Excuse Me, Is There a “Hospitalist” in the House?

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By John Chamberlin

Good question and, most likely, or becoming more likely, there is a hospitalist in the house, i.e. the hospital. Many patients have probably been evaluated and treated by one and may not have even known it.

The hospitalist position in hospitals is not new. An article from the Las Vegas Business Page states, “The hospitalist movement started when it was coined in the New England Journal of Medicine in 1996,” and it has been growing ever since.

One of the main reasons for the growth of the hospitalist physician role is not related at all to healthcare reform. Much of it had to do with lifestyle reform desired by general practice physicians. The typical routine of a general practitioner might be: see patients in the office for a set time frame and, in between, or after office hours, make rounds or visits to their patients that had been admitted to hospitals. The hospitalist physician position is designed to be an in-hospital that sees admitted patients on behalf of the office-based general practitioners.

It all has seemed like a good plan until recently. As it has turned out, many physicians were steering away from hospitalist positions because of the hours and on call responsibilities. “They were working upwards of 80 hours a week,” says Jeff Kammerdeiner, President, Exertus Medical Solutions Inc.

So the intent of the hospitalist position, was to decrease the overall work hours, decrease the on-call hours as well as increase the patient focus of the office-based practitioners. The downside, was, the number of hours worked by the hospitalists skyrocketed. And that’s what Mr. Kammerdeiner says is the next phase of the hospitalist position implementation. The key factor, according to Mr. Kammerdeiner, is work/life balance. “Work life balance is the number 1 trend in importance for healthcare providers. So much so that, employers are making it their priority, as well, so that they can attract the top talent.”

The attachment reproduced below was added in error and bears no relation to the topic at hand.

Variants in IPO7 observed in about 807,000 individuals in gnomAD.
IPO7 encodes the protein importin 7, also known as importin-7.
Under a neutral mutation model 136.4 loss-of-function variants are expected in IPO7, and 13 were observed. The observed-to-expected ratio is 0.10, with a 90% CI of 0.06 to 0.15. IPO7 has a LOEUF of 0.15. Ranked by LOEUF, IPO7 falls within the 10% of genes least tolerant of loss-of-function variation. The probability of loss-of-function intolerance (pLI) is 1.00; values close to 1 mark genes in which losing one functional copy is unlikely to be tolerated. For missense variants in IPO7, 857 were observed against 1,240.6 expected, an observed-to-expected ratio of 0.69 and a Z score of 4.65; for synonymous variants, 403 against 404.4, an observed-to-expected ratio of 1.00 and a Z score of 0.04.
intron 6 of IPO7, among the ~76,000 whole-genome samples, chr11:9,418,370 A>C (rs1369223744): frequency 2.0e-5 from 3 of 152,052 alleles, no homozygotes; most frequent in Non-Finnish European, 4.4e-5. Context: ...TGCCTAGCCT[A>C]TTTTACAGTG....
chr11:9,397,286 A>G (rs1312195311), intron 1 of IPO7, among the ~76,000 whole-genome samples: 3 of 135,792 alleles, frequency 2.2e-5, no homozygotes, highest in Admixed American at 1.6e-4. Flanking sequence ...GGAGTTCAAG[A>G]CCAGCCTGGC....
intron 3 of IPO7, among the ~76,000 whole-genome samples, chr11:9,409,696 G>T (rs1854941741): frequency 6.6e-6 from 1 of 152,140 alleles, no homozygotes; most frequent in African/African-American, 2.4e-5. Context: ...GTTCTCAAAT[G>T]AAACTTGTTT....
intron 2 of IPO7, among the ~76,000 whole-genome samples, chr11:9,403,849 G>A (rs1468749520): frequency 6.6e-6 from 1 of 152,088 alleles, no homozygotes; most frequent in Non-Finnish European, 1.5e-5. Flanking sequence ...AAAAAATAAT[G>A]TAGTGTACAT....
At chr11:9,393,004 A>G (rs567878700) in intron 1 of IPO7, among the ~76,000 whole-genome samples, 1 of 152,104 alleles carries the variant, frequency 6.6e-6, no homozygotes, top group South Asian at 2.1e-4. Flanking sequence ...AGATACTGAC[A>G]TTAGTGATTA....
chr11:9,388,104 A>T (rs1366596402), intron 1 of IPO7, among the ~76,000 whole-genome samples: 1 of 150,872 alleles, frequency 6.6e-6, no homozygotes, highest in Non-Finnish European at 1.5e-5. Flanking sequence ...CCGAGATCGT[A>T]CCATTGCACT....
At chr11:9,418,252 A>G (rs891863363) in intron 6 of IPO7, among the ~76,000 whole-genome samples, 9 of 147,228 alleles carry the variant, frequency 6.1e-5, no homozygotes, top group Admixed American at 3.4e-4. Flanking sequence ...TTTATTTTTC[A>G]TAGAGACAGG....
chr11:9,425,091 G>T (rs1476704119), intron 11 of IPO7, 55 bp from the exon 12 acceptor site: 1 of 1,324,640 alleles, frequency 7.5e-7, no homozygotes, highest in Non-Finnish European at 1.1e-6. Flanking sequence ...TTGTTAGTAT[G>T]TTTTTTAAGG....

“Work-life balance is really not something that is ‘a nice thing to have,’” says Iris Grimm, creator of the Atlanta-based Balanced Physician program, which helps physicians meet work, life, and leadership challenges. “It is a necessity for them if they want to sustain a long-term career” as mentioned in a The-Hospitalist.org article.

How has Exertus Medical Solutions, Inc. helped their clients with work/life balance? “The key is matching the physician candidate with the right prospective employer,” according to Kammerdeiner. “Work life balance is such a broad term so finding out what that means to the employer as well as the physician is vital. Matching expectations is the ultimate key to a successful pairing.”

At Exertus, they don’t just utilize the standard software apps, used in the industry, to help make hospital/hospitalist matches.  They get highly personal according to Mr. Kammerdeiner. “But we have found nothing that replaces a direct conversation.  That is true for client and candidate.  We believe in a personal approach that can listen and ask direct questions lead to an understanding of what is truly important to both.”

So yes, there is indeed a hospitalist in the house.  The need for hospitalists continues to grow due to less and less people utilizing a primary care physician and focusing on their specialists. But, at the same time, there is clearly a need to assure that those hospitalists, as well as other healthcare workers, are able to achieve a work/life balance.